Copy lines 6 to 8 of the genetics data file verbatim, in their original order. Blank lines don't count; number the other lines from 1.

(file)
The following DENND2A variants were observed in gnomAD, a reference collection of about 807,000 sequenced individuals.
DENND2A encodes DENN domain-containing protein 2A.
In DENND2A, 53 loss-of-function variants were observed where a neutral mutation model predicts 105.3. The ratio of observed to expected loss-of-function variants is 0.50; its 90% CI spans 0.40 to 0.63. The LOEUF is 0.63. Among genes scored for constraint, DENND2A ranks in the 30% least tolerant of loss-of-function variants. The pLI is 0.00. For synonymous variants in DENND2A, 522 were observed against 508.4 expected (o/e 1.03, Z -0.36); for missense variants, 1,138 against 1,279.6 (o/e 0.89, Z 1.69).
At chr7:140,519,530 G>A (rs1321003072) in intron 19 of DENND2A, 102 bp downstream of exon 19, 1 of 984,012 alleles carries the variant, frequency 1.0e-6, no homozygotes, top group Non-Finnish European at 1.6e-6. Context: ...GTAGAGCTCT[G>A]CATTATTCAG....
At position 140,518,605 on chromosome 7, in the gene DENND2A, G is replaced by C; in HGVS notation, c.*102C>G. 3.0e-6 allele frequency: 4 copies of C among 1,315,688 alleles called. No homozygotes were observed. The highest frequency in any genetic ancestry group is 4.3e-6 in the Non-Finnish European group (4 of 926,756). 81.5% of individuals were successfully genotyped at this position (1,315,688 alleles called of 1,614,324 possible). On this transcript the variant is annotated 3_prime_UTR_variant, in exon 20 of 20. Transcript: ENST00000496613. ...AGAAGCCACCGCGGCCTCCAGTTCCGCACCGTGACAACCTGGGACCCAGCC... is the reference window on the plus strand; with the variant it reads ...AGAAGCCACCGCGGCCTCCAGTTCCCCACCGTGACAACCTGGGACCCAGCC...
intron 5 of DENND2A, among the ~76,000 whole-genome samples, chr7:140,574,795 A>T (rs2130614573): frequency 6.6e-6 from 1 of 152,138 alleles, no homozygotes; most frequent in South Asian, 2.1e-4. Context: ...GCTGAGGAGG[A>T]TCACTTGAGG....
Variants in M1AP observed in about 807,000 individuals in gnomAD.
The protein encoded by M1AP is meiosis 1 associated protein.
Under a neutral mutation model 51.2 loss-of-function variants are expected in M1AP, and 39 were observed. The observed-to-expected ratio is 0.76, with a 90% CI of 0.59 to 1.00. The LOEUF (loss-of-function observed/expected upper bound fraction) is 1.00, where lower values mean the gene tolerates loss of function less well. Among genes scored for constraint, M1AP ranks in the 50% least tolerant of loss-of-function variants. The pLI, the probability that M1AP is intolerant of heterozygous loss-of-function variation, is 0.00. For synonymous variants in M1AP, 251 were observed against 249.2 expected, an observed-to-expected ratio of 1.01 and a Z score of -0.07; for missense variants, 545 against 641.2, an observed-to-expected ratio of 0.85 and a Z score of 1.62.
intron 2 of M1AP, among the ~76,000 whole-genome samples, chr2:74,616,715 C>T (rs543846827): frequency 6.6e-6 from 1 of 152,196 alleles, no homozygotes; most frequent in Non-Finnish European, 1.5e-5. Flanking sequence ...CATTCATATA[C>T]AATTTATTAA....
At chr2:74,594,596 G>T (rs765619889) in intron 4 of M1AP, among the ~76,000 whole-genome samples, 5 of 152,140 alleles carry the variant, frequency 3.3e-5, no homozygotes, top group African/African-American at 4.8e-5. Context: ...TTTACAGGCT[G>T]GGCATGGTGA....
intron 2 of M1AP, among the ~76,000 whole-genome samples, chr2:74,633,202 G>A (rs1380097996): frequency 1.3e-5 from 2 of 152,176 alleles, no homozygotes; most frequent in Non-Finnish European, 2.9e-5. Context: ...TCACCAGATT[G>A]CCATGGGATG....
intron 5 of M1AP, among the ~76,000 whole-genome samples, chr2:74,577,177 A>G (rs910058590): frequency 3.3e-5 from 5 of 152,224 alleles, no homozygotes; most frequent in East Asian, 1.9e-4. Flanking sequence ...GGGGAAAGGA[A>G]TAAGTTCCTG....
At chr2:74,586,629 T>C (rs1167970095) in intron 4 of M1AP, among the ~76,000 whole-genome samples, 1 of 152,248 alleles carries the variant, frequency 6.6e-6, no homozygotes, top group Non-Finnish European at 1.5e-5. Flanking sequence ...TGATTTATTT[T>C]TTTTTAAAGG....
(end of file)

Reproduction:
intron 5 of DENND2A, among the ~76,000 whole-genome samples, chr7:140,574,795 A>T (rs2130614573): frequency 6.6e-6 from 1 of 152,138 alleles, no homozygotes; most frequent in South Asian, 2.1e-4. Context: ...GCTGAGGAGG[A>T]TCACTTGAGG....
Variants in M1AP observed in about 807,000 individuals in gnomAD.
The protein encoded by M1AP is meiosis 1 associated protein.